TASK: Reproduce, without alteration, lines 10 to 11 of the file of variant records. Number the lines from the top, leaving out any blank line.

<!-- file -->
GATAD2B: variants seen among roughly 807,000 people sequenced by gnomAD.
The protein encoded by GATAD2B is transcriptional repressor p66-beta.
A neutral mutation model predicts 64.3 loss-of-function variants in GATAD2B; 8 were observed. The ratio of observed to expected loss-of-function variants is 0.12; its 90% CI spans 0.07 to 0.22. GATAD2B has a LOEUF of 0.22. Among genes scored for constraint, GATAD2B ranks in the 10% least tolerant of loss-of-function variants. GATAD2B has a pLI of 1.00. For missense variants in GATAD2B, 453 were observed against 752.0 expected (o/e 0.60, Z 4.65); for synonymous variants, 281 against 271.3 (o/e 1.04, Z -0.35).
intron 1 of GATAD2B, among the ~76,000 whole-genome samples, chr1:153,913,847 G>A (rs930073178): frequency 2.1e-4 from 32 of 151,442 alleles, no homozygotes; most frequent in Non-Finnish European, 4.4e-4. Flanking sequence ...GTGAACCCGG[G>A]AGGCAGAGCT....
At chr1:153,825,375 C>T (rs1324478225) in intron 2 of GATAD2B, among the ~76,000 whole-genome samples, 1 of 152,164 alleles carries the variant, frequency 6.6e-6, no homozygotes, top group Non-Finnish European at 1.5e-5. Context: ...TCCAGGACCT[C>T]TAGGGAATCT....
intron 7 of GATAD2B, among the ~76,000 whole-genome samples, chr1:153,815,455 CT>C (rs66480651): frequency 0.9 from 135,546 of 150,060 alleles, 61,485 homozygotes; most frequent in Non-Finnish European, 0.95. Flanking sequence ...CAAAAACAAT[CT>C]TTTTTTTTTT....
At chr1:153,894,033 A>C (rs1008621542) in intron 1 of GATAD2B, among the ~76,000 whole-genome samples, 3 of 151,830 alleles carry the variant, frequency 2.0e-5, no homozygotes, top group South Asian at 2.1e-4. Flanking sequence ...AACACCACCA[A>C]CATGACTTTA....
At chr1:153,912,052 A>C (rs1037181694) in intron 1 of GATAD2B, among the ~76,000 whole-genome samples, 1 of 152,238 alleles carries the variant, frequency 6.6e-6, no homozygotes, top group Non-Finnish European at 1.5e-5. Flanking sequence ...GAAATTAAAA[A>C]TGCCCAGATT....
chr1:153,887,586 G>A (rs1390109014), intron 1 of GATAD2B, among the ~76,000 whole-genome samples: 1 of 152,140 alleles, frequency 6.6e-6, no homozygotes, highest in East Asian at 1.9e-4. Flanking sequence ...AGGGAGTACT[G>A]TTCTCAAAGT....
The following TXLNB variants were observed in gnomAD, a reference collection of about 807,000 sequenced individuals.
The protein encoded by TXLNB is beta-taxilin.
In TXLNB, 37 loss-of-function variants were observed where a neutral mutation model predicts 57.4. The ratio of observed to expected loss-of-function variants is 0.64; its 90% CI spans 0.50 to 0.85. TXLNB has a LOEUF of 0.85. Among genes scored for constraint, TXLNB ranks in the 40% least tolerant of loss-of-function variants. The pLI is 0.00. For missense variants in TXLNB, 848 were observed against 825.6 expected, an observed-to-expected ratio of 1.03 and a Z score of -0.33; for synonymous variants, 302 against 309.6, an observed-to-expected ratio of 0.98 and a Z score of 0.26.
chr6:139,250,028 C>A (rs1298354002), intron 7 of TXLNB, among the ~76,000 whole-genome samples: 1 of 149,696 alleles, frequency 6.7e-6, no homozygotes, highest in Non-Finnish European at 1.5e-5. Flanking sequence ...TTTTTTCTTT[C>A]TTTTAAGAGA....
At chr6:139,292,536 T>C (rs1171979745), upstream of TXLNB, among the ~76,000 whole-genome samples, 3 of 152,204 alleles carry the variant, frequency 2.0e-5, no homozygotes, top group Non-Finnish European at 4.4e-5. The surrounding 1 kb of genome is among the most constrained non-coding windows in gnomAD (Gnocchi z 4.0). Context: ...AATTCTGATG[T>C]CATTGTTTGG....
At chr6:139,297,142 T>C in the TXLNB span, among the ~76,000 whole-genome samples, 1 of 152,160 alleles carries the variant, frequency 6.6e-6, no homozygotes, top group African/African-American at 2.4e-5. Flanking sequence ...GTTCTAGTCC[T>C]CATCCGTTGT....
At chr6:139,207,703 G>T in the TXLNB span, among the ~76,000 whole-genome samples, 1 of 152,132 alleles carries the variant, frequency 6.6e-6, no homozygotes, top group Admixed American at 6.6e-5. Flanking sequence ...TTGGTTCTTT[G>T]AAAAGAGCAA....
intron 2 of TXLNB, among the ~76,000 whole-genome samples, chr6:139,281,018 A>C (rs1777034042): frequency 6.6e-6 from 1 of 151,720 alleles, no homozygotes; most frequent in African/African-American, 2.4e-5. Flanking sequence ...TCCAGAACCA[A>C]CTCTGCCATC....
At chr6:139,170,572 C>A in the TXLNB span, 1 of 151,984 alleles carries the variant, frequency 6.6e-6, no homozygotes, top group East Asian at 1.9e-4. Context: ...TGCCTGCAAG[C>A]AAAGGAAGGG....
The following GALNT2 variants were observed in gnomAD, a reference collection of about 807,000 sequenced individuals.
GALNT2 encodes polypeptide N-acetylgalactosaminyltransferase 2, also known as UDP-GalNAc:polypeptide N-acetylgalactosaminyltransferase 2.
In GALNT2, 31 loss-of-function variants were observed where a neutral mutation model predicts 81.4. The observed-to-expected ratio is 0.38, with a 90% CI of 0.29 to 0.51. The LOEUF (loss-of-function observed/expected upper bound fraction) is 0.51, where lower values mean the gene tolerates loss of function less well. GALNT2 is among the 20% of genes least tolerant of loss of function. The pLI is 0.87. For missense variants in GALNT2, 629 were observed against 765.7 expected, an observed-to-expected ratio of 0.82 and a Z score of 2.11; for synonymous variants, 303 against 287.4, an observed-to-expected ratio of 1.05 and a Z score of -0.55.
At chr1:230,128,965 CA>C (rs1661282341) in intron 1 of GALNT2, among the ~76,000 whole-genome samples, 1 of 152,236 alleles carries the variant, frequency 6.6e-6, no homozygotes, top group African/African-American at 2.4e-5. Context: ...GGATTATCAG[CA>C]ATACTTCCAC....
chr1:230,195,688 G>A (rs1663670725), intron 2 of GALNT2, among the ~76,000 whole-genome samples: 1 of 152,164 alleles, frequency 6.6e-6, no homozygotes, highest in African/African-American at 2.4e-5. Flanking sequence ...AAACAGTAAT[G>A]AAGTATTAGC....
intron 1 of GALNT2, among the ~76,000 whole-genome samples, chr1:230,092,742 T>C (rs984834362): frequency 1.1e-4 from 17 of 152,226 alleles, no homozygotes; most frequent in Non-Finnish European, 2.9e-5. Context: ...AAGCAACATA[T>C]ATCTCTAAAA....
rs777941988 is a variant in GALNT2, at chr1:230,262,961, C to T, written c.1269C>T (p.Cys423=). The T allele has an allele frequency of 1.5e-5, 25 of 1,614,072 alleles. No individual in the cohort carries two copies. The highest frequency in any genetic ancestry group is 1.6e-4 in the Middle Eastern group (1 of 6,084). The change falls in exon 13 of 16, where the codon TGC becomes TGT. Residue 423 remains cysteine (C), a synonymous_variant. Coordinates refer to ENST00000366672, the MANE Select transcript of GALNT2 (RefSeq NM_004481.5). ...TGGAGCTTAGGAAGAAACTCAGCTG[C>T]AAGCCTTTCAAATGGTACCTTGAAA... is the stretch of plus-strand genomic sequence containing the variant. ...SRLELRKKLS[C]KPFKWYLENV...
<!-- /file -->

The following TXLNB variants were observed in gnomAD, a reference collection of about 807,000 sequenced individuals.
The protein encoded by TXLNB is beta-taxilin.